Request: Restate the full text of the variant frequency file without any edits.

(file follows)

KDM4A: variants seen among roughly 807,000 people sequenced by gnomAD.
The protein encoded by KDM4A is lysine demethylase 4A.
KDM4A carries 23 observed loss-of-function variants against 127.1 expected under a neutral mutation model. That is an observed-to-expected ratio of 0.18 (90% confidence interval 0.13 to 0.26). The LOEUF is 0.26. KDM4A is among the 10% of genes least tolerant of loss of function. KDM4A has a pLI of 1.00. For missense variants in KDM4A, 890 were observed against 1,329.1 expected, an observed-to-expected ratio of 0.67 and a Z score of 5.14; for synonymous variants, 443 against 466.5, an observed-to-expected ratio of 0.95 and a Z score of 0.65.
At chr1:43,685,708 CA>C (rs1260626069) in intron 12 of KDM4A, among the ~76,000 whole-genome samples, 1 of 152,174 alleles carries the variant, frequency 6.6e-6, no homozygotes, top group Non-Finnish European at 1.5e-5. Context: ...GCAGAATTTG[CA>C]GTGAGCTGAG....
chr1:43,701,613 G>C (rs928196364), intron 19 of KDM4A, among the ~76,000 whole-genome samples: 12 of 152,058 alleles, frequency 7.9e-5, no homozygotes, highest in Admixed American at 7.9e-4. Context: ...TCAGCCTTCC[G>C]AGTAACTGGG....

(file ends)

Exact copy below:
KDM4A: variants seen among roughly 807,000 people sequenced by gnomAD.
The protein encoded by KDM4A is lysine demethylase 4A.
KDM4A carries 23 observed loss-of-function variants against 127.1 expected under a neutral mutation model. That is an observed-to-expected ratio of 0.18 (90% confidence interval 0.13 to 0.26). The LOEUF is 0.26. KDM4A is among the 10% of genes least tolerant of loss of function. KDM4A has a pLI of 1.00. For missense variants in KDM4A, 890 were observed against 1,329.1 expected, an observed-to-expected ratio of 0.67 and a Z score of 5.14; for synonymous variants, 443 against 466.5, an observed-to-expected ratio of 0.95 and a Z score of 0.65.
At chr1:43,685,708 CA>C (rs1260626069) in intron 12 of KDM4A, among the ~76,000 whole-genome samples, 1 of 152,174 alleles carries the variant, frequency 6.6e-6, no homozygotes, top group Non-Finnish European at 1.5e-5. Context: ...GCAGAATTTG[CA>C]GTGAGCTGAG....
chr1:43,701,613 G>C (rs928196364), intron 19 of KDM4A, among the ~76,000 whole-genome samples: 12 of 152,058 alleles, frequency 7.9e-5, no homozygotes, highest in Admixed American at 7.9e-4. Context: ...TCAGCCTTCC[G>C]AGTAACTGGG....